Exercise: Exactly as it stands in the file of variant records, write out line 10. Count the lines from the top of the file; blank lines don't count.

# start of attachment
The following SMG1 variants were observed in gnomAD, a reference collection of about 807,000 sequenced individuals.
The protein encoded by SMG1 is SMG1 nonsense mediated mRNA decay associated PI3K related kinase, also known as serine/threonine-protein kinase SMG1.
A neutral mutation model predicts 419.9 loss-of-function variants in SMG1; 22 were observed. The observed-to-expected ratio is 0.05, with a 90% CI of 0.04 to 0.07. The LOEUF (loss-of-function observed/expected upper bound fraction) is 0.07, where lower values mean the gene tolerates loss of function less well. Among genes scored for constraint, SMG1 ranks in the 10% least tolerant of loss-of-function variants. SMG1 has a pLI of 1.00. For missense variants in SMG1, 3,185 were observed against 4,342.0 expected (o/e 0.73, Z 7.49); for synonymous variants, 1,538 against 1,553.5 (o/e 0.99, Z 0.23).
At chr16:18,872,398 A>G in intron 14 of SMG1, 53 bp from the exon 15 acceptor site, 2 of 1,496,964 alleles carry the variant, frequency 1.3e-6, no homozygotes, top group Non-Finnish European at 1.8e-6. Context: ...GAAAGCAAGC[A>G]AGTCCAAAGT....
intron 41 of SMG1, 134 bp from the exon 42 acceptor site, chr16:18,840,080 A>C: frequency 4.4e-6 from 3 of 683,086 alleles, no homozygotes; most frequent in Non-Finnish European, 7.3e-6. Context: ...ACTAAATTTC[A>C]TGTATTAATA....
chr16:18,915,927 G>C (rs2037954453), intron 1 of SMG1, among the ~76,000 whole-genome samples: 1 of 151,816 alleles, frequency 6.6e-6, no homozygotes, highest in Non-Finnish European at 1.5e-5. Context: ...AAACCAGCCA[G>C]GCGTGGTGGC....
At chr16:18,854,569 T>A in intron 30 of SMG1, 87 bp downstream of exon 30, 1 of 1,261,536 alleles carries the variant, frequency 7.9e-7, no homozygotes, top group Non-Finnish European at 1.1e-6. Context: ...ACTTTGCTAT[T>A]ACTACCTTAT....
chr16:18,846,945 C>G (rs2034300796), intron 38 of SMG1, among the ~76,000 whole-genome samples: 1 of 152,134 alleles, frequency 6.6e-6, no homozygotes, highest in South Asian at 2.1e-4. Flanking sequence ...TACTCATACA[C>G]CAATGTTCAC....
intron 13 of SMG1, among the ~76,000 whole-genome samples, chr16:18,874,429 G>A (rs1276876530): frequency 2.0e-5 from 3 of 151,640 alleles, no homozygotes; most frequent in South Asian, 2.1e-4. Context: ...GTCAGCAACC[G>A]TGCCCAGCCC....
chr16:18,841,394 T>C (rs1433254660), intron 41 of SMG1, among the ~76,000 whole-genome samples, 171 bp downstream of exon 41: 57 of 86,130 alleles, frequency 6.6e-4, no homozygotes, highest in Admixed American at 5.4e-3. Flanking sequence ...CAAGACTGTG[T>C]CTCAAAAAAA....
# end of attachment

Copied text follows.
chr16:18,841,394 T>C (rs1433254660), intron 41 of SMG1, among the ~76,000 whole-genome samples, 171 bp downstream of exon 41: 57 of 86,130 alleles, frequency 6.6e-4, no homozygotes, highest in Admixed American at 5.4e-3. Flanking sequence ...CAAGACTGTG[T>C]CTCAAAAAAA....